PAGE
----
He left Community after a falling out with Dan Harmon

After his career waned in 1990s and 2000s, Chase landed a starring role on the NBC series, "Community." Created by Dan Harmon, the show was a critical success and gained a massive cult fandom. Chase earned acclaim for his performance as Pierce Hawthorne, a buffoonish, arrogant, non-PC student at Greendale Community College. Despite the positive reception of his performance, however, Chase's relationship with Harmon and his fellow cast members deteriorated with each new season. 

According to Deadline, much of the bad blood between Chase and Harmon stemmed from creative frustrations Chase had about his character. Seasons 2 and 3 of "Community" portrayed the out-of-touch Pierce as increasingly offensive and bigoted. After an argument between the two led to Chase using an insensitive slur of his own, production on the series temporarily halted. Chase left a profanity-laden voicemail to Harmon after the showrunner publicly chastised Chase for leaving set early (via Deadline). Things came to a head eventually, and Chase left the show in the middle of Season 4 in 2012 (via The Hollywood Reporter). 

Other cast members like Donald Glover have also spoken about Chase's allegedly poor behavior on set. Glover told The New Yorker in 2018 that Chase regularly made insensitive racial comments, which Harmon confirmed. "Chevy was the first to realize how immensely gifted Donald was, and the way he expressed his jealousy was to try to throw Donald off," Harmon told the magazine. "I remember apologizing to Donald after a particularly rough night of Chevy's non-P.C. verbiage, and Donald said, 'I don't even worry about it.'"

He turned down roles in several iconic films

"Animal House" wasn't the only major film that Chase missed out on. Vulture details the blockbusters, Disney films, and award-winning dramas that could have starred Chase. In 1980, he was approached to star in Paul Schrader's "American Gigolo," which he turned down due to the sexual nature of the film. In an interview with The Huffington Post, Chase noted that he also turned down roles in 1984's "Ghostbusters" and 1994's "Forrest Gump."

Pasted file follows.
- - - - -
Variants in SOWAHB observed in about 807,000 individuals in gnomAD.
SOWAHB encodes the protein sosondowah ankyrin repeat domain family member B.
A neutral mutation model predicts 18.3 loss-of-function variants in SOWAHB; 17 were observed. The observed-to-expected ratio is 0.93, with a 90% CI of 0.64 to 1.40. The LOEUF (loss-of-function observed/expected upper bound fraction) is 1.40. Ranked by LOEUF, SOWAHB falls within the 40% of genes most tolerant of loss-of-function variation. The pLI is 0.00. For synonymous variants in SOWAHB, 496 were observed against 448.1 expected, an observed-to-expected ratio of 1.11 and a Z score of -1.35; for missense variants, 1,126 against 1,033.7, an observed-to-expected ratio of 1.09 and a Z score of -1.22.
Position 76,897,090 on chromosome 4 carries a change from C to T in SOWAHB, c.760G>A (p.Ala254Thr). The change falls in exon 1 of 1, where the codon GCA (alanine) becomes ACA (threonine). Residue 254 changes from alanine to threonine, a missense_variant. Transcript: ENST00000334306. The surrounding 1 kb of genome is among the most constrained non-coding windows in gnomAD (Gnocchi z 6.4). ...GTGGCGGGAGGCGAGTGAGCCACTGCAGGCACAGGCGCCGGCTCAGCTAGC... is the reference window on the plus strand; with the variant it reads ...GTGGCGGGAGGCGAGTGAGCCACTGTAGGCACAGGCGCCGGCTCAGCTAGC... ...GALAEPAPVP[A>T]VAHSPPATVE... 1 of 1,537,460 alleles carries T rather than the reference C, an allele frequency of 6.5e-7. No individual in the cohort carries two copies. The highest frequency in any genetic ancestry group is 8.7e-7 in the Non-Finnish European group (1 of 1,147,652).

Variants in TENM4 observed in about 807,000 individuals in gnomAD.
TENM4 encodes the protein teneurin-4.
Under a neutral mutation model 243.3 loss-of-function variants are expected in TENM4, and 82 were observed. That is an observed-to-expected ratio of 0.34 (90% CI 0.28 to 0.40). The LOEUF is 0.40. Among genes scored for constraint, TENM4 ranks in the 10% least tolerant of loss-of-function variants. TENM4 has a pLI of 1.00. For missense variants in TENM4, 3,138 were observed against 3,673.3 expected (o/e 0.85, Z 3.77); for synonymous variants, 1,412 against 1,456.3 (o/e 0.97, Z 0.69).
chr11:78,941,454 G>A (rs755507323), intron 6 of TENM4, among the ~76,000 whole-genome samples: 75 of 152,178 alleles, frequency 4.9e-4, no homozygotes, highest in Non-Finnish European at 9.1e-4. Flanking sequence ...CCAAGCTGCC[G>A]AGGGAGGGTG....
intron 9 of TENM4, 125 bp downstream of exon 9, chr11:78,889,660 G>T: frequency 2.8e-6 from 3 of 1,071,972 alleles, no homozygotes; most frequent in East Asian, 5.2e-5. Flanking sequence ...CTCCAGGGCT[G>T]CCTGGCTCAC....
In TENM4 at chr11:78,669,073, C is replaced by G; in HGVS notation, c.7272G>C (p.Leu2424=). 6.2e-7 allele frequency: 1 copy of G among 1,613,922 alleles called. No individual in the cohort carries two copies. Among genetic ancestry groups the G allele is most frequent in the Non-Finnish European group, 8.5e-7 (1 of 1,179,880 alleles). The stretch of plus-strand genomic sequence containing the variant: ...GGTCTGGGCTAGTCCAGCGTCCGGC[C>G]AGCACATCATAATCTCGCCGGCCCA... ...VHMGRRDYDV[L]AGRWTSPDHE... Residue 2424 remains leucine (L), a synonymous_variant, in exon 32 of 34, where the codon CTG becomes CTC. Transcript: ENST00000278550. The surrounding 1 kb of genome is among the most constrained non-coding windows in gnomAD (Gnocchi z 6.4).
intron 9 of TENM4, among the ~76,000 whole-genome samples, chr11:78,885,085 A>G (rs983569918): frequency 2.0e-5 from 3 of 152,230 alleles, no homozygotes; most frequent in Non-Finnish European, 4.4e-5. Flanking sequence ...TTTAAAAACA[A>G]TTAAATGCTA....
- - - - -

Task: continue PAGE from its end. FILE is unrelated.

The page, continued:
"Forrest Gump" isn't the only Tom Hanks vehicle that could have starred Chase instead, as he also passed on 1984's "Splash" and 1990's "Bonfire of the Vanities." In the early stage of 1989's "The Fabulous Baker Boys," the studio envisioned Chase and Bill Murray as the on-screen siblings, only to opt for real-life brothers Jeff and Beau Bridges instead (via The Distracted Globe). In 1994, Chase was approached to play leading roles in Disney's "The Santa Clause" and in the 1995 Disney-produced "Toy Story," although he turned both roles down.

Arguably, the most acclaimed role Chase missed out on was Lester Burnham in 1999's "American Beauty." He turned it down perhaps because of the mature and explicit nature of the part. In an interview with Parade in 2009, Chase described why he didn't want to do romantic films anymore: "Shortly after I had my first daughter I made a decision not to do any more romantic movies like I had done with Goldie Hawn in 'Foul Play.' It wasn't because it bothered my wife, Janie, but because I didn't want my daughters growing up wondering why daddy's kissing that blonde woman or whoever who's not mommy."

He's notoriously difficult to work with

Chase may be one of the most decorated comedians to ever come out of "SNL," but his off-screen behaviors towards others have become as known as anything he's done on-screen. As Chase's post "SNL" film career took off and he gained more exposure and fame, his behind-the-scenes reputation grew steadily worse.

When it came time for Chase to begin work on 1989's "National Lampoon's Christmas Vacation," his crass behavior was enough to drive the movie's initial director, Chris Columbus, away from the film. "To be completely honest, Chevy treated me like dirt," Columbus told Chicago Magazine. "I called John [Hughes, the movie's producer] and said, 'There's no way I can do this movie. I know I need to work, but I can't do it with this guy.'"

More recently, comedian Rob Huebel, who idolized Chevy Chase as one of his heroes and inspirations, told Larry King that Chase allegedly slapped him in the face "like really hard; so hard that I saw red," when he introduced himself to Chase. Chase has addressed these stories in the past, telling CBS This Morning, "I don't give a crap. I am who I am. And I like ... who I am. I don't care. And it's part of me that I don't care. And I've thought about that a lot. And I don't know what to tell you, man. I just don't care." However, his acrimonious treatment of costars has led to several major pitfalls in his career, with The Washington Post theorizing that such a negative reputation has led to his falling out of favor in Hollywood.